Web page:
By Nancy Steinberg (OSU) originally published in Terra on February 2, 2018, excerpt reposted with permission.
The Pacific Ocean west of Newport is among the most well-studied seas on the planet. It still has secrets to tell.
Last Fall, Oregon State’s small research vessel Elakha embarked on an overnight cruise, setting sail under clear fall skies, unseasonably warm in the late afternoon. The ocean’s swell, just enough to force a landlubber to hold onto the rails, hadn’t turned to chop. The boat and its small crew headed straight out into the ocean to collect samples on what is known as the Newport Hydrographic Line, a swath of water that scientists have been monitoring for nearly 60 years.
While still in the protected waters of Yaquina Bay, Jennifer Fisher prepared the sampling equipment, deftly shackling cables to the boat’s winch system, lining up specimen jars and unfurling zooplankton nets. Fisher is a scientist with the joint NOAA-OSU Cooperative Institute for Marine Resource Studies (CIMRS) and the coordinator of regular sampling along the line. The boat had had engine trouble the day before, but for the moment everything was humming along. At the end of the jetty, the captain slowed to navigate carefully around a gray whale, which surfaced intermittently and spouted, as if wishing the crew a safe trip.
Elakha’s route followed a line drawn decades ago by Wayne Burt, the founder of Oregon State’s oceanography program. In its current incarnation, regular sampling here contrasts high-tech against low-tech: It is conducted by robots and human beings. The work is both routine and surprising; continuous but also intermittent. Dozens of people collect the data. Hundreds use it. Thousands, if not more, benefit from what is learned. Despite the changes that have taken place in the sampling regime over decades, the basic justification remains the same: Monitoring the coastal ocean frequently, in person, over long time periods, provides invaluable information. This enduring commitment will only become more critical in this time of enormous global change.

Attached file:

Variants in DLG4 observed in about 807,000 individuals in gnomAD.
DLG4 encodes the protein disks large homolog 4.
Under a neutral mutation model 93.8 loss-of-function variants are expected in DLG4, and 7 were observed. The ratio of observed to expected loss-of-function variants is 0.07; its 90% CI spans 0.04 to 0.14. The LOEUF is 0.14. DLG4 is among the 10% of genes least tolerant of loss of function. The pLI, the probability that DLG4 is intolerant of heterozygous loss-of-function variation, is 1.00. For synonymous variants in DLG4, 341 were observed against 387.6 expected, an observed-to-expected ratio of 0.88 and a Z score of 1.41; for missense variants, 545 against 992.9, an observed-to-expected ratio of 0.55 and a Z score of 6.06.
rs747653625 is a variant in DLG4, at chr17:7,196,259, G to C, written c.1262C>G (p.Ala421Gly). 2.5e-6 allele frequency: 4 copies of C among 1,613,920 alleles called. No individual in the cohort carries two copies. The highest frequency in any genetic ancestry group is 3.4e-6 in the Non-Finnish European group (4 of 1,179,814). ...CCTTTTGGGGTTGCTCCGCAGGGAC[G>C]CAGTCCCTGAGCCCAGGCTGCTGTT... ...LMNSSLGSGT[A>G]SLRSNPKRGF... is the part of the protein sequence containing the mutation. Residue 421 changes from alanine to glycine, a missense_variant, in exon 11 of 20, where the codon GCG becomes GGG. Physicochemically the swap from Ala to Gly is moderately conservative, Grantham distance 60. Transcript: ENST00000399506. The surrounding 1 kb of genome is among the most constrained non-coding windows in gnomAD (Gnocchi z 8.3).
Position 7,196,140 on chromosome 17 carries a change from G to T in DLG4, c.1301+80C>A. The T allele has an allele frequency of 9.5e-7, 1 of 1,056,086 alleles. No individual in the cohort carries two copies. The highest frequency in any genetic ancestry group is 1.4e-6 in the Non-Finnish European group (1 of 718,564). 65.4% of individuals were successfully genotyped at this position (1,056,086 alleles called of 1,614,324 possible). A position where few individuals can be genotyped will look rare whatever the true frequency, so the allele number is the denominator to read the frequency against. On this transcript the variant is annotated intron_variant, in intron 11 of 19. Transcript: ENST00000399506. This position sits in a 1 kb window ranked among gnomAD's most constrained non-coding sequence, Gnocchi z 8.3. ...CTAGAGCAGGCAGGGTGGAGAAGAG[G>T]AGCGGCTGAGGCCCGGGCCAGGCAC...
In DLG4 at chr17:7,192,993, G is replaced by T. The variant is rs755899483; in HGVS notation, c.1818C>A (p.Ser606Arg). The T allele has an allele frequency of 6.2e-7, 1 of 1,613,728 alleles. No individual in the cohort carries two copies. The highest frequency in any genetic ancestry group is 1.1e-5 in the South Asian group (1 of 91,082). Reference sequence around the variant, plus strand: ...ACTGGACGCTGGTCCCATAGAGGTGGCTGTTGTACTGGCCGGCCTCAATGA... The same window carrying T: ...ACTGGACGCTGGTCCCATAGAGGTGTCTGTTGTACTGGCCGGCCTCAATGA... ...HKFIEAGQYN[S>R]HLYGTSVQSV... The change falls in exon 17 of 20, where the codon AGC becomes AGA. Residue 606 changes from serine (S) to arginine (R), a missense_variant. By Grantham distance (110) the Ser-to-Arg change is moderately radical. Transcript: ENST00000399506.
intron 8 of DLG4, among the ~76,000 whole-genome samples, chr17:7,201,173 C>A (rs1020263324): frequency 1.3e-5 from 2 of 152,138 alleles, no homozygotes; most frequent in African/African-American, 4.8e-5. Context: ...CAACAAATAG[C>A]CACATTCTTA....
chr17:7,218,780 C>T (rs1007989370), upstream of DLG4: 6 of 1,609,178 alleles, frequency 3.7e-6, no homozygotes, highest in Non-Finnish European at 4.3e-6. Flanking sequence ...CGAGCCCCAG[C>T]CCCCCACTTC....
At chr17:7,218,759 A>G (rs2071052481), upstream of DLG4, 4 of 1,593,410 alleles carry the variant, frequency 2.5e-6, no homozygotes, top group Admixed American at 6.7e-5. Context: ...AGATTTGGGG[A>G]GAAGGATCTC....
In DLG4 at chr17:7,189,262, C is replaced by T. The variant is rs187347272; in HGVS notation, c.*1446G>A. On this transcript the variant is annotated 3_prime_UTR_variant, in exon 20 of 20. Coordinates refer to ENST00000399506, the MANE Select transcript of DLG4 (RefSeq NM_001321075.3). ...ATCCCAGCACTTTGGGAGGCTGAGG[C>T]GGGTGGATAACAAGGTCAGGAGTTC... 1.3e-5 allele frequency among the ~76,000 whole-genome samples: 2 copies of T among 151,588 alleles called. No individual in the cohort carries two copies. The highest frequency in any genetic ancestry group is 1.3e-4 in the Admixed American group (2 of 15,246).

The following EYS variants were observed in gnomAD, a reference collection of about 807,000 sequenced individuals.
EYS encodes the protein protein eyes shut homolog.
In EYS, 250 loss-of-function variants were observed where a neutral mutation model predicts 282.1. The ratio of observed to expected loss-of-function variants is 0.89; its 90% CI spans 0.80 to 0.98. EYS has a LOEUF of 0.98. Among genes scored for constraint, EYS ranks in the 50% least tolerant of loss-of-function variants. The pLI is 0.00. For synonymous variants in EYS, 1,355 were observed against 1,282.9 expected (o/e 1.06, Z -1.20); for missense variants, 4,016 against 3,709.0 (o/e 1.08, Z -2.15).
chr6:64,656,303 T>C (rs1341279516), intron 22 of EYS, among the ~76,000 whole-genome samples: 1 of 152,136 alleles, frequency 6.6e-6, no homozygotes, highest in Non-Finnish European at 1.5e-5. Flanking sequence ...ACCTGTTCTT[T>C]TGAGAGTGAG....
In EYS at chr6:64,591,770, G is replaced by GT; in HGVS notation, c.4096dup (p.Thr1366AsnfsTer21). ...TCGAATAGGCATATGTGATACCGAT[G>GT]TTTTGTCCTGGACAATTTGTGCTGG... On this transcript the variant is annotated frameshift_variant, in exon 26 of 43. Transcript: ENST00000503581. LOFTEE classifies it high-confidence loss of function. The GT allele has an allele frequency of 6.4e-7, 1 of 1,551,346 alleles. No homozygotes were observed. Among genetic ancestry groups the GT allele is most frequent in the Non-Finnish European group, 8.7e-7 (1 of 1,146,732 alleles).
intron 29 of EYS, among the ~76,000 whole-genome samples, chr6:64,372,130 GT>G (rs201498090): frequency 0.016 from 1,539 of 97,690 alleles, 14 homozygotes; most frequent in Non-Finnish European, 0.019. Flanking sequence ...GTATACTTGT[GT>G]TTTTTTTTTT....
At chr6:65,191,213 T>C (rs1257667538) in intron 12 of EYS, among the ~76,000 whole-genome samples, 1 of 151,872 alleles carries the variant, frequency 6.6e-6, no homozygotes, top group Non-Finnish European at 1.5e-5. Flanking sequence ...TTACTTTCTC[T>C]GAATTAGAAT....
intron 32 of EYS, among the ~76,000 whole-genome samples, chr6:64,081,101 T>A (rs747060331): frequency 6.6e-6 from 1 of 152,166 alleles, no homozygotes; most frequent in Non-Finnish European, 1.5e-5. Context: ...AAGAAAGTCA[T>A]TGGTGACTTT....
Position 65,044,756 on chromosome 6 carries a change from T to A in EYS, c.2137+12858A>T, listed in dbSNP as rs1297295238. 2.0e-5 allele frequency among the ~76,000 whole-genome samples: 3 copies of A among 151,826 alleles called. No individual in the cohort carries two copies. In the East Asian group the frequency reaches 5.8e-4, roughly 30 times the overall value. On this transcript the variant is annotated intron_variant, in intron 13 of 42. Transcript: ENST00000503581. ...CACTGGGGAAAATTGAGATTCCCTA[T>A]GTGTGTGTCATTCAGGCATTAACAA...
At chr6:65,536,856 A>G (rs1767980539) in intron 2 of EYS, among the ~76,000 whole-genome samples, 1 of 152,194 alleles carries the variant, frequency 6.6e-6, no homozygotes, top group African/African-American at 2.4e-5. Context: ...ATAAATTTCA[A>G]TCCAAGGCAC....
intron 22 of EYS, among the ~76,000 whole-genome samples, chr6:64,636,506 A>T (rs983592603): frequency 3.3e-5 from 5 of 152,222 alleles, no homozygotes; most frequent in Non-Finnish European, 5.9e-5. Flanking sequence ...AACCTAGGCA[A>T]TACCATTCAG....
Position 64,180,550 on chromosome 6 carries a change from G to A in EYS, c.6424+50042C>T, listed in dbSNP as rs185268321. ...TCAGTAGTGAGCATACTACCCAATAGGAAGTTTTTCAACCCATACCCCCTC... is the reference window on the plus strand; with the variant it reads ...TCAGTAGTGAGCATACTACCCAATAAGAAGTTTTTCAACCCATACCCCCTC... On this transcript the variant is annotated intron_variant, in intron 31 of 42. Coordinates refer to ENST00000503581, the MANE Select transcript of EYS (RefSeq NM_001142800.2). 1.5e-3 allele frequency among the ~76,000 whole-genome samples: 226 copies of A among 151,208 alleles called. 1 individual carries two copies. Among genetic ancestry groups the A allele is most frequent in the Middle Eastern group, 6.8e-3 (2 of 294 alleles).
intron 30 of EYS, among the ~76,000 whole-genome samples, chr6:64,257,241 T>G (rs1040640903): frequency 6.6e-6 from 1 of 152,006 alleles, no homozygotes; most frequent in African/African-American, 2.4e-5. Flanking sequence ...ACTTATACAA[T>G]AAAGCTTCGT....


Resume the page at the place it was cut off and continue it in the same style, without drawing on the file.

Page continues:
A Line Is Drawn
On a map of Oregon, find the coastal town of Newport. Draw a straight line directly west, perfectly perpendicular to the coast, out into the mighty Pacific 200 nautical miles from the blinking beacon of the Yaquina Head lighthouse. You’ve just sketched the Newport Hydrographic Line. Nearly everything we know about the function of Oregon’s coastal ocean ecosystem has been learned from samples collected at these stations between 1961 and … well, last week.
The origin of the line predates the establishment of OSU’s oceanography program by Burt, an Oregon native with a gift for persuasion. In 1954, he convinced Oregon State College, now OSU, to hire him as the institution’s first oceanographer — in the Department of General Science, on a salary paid by the U.S. Navy. Understanding the tremendous value in studying the coastal ocean, Burt cobbled together a one-man nearshore sampling program. But what he really wanted was a department of oceanography and a dedicated research vessel. With further Navy funding, he launched OSU’s oceanography department (now the College of Earth, Ocean, and Atmospheric Sciences) in 1959 and commissioned its first research vessel.
That ship, the 80-foot Acona, was specifically designed by Burt to ply Oregon’s nearshore waters. It was the first crucial element in establishing the Newport Line. The second was June Pattullo, one of Burt’s first hires and the only woman in the fledgling department. Pattullo, the first woman in the U.S. to receive a Ph.D. in physical oceanography, provided leadership for the new sampling program.
Crews aboard Acona, succeeded by the 180-foot Yaquina in 1964, sampled bimonthly along the Newport Line, out to 165 nautical miles from shore. These early years focused on the most basic properties of the water: temperature, salinity, clarity, dissolved oxygen, nutrient concentrations. Currents were not measured directly but calculated using other data. Faced with the unexplored black box of Oregon’s coastal ocean, researchers began by asking the most elementary, descriptive question: What is the ocean like off Oregon?
Read the rest of this article on Terra